International trade and business operations and transactions have become increasingly frequent with the spread of globalisation, with businesses engaging in operations in diverse cultural and jurisdictional locations. However, cultural inflexibility has created cross-cultural differences that impede the quality and effectiveness of international business communication and negotiation. Since the negotiating parties tend to make decisions and judgments towards interests and behaviour based on their own values, failure in negotiating and losses might occur due to lack understanding of the cultural differences in intercultural business. The report aims to provide advice a businessperson wanting to navigate the cross-cultural landscape of business between Australia and Italy.
Differences between Australia culture and Italian culture
According to Kirkman, Lowe and Gobson (2006), the Hofstede frameworks measure the disparities of cultures by examining attitudes, workplace behaviors, and other organizational outcomes. Due to the homogeneity of societies in terms of economic activities and their cultural orientation- the two go hand in hand- the cultural orientation of a people determines the most effective strategies a business can use to create strategies to exploit their market.
By this assessment, the major disparities between the cultures of Australia and Italy lay in the aspects of their indulgence and their long-term orientation. Observations by Baldassar, Pyke and Ben-Moshe (2012), Italy tends to have a short-term focus, which implies that the society will tend to have an absolute standard on their modes of thinking. Thus, Italian culture tends to follow the tradition and pursuit fast results. According to Borgo (2007) the Italians are very serious about punctuality, but they are given to have different rules on the subject of time-keeping while dealing with foreigners. While they may not always adhere to punctuality, Italians expect their business counterparts to do so without fail. The main focus of business in Italy is to increase short-term profits, and this regulates many of their business conduct.
Furthermore, it takes a longer time to develop personal relationships in Italy, yet these are the driving force behind successful negotiations in business (Borgo, 2007). The long time taken in developing relationships is in line with their short-term orientation which demands that people be rewarded according to their abilities, the greatest reward of which is the acceptance to a business community. With the long established history of Roman political and military domination, authority, power, and age are the most widely respected qualities in business and social dealings, with older people being accorded preferential treatment (Katz, 2008). However, teamwork projects are worked on in a more informal and less structured manner.
Accordingly, while making the acquaintance of a colleague, the accepted norm is to use the last name together with their professional titles and doing so until invited to address them in a different manner (Katz, 2008). Short term oriented people such as the Italians place managers and employees in different camps, which explains the basis for this social norm, which is also what informs their need for self-determination and personal achievement to earn the respect of peers and superiors.
Australia, on the other hand, is a more relaxed society, lacking the hierarchical organization of Italy and favoring a more inclusive system of business operation featuring an outdoorsy culture and work life balance (Katz, 2008b). With its orientation being more long term, Duarte (2008), states that the two main principles of egalitarianism and fairness taught in school, churches, and the family unit enable them to make and maintain lasting personal networks. The international reputation of Australian people as easygoing, informal, and friendly people is shared by the people who are described as non-conformists, with a disregard for authority, and showing a self-deprecating, sarcastic sense of humor (Duarte, 2008). These values are reflected in their business practices, with the first name basis of addressing business associates being a common practice. However, it is advisable for foreigners doing business with Australians to be cautious of stereotyping, as the people are more individualistic and frown on being bunched together with everyone else (Culturewise, n.d.). these are indications of long-term oriented people who homogenise workplace aspirations between managers and their workers for efficient delivery.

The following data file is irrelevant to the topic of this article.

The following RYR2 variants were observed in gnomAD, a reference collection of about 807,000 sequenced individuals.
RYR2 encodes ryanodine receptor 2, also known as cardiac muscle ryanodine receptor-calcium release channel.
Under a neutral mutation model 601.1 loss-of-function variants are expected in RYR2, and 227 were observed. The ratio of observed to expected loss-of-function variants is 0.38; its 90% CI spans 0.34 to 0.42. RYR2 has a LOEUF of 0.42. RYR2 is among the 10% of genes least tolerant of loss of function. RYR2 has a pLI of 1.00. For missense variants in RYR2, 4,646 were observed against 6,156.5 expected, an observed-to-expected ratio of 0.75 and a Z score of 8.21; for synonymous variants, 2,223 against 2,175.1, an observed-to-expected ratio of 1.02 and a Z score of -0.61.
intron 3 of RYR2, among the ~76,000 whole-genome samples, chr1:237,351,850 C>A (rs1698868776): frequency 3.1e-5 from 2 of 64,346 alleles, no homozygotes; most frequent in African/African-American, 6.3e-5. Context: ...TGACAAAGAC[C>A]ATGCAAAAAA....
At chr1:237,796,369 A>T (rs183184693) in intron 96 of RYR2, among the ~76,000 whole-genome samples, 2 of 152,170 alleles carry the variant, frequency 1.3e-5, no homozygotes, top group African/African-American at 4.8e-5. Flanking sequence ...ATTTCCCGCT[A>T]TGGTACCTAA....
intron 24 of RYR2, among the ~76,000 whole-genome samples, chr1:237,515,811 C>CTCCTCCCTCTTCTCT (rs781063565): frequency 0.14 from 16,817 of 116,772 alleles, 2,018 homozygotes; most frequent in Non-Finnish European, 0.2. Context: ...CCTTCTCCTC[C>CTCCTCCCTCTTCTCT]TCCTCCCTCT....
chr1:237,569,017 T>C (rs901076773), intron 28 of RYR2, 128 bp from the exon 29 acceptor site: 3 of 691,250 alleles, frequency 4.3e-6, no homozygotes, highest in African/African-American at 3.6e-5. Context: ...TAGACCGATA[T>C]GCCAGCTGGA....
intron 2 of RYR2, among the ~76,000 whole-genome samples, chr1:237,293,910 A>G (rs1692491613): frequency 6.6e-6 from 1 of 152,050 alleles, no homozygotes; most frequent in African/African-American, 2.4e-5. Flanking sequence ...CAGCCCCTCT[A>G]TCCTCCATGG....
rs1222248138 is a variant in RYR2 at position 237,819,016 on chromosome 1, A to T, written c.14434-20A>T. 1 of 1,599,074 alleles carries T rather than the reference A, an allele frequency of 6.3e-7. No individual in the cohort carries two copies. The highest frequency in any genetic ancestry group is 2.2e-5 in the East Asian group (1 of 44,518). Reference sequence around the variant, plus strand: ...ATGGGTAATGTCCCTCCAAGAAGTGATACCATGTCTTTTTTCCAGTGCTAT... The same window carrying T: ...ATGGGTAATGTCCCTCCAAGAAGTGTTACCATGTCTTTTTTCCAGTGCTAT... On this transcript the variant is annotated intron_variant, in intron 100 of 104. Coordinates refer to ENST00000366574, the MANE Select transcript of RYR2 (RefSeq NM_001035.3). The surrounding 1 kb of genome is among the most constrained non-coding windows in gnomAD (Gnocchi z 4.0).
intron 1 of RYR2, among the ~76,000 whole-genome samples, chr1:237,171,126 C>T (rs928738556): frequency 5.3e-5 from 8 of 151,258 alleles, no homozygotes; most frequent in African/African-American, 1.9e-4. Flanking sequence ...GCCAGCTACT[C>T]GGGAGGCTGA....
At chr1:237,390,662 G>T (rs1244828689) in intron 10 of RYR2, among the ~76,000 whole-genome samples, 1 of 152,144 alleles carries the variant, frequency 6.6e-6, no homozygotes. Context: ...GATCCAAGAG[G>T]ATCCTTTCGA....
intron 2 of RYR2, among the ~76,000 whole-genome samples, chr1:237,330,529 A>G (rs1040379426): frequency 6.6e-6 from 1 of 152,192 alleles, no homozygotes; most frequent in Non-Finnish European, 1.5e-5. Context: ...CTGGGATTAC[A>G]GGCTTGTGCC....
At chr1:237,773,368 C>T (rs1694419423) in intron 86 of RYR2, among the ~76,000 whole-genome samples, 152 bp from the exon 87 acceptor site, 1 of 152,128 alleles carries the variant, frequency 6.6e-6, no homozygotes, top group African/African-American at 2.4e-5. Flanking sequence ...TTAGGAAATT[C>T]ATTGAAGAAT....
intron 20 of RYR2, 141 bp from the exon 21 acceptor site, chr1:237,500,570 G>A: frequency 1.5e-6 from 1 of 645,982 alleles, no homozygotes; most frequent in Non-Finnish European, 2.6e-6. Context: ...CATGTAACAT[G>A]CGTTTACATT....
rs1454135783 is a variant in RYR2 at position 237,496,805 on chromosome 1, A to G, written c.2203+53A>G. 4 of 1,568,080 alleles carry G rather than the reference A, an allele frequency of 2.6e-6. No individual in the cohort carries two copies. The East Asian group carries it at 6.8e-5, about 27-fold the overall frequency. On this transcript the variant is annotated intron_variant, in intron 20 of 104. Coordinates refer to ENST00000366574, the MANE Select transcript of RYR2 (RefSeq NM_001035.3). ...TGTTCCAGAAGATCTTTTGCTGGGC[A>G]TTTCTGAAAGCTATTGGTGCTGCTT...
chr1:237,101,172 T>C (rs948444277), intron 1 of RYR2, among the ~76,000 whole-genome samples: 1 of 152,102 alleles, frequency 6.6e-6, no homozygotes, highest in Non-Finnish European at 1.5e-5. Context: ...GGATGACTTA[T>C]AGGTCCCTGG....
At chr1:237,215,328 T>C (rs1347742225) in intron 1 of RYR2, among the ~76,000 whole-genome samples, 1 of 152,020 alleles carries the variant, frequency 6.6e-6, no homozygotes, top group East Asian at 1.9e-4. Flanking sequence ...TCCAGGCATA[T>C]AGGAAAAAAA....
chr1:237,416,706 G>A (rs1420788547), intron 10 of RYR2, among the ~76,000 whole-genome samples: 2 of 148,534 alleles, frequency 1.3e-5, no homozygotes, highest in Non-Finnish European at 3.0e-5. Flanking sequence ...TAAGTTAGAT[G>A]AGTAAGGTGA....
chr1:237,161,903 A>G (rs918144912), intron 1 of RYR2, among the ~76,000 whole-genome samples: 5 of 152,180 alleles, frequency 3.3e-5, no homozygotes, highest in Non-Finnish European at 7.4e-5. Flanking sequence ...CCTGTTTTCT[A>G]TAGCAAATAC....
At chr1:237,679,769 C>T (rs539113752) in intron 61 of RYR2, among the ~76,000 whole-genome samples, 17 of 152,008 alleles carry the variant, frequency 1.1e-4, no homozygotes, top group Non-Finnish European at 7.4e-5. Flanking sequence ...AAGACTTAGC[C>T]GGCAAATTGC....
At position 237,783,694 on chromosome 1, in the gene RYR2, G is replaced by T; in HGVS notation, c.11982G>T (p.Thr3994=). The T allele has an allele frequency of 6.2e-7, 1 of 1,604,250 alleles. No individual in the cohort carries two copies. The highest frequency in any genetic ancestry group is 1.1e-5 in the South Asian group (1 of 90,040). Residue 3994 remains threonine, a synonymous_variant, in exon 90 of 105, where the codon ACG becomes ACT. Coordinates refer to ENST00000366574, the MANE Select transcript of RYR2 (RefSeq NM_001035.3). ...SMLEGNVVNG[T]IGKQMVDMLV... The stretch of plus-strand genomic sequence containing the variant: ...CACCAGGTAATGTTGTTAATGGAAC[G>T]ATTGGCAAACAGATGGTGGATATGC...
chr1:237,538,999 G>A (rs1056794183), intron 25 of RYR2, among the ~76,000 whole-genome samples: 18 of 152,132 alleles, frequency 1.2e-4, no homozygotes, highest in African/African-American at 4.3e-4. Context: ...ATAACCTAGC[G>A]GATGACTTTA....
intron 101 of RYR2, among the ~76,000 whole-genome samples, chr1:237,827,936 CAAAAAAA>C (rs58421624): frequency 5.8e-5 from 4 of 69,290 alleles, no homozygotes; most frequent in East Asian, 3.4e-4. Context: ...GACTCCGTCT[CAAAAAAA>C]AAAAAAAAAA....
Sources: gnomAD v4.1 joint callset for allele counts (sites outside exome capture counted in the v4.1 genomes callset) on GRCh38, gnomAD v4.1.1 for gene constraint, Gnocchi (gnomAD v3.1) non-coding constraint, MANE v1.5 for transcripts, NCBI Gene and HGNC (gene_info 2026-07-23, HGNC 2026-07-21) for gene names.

Main challengesThe two cultures of Italy and Australia are quite distinct, falling into different low and high power distance dimensions. The tendency of Australians to be more informal and friendly according to Mathew, Hicks and Bahr (2013) reduces the hierarchy in an organization and makes superiors and subordinates occupy the same level of respect. This system contrasts sharply with that of Italy which is known for its adherence to a strict guideline of hierarchical authority based on both age and power (Masino, 2008). Theirs is a dimension that accords people different status in the organisation, with superiors and subordinates being distinct sorts of people. This is therefore the greatest challenge of carrying out bilateral business negotiations between the two countries, as their cultural precedents for interpersonal relationships, especially between managers and other workers, are rather differentiated (Boccabella, 2002). While it is perfectly normal to address a stranger by their first name in Australia, (Syed & Kramar, 2010), doing the same would be frowned upon in Italy, where one ought not to use the informal title of a professional without being requested to do so (Ruggieri et al., 2014).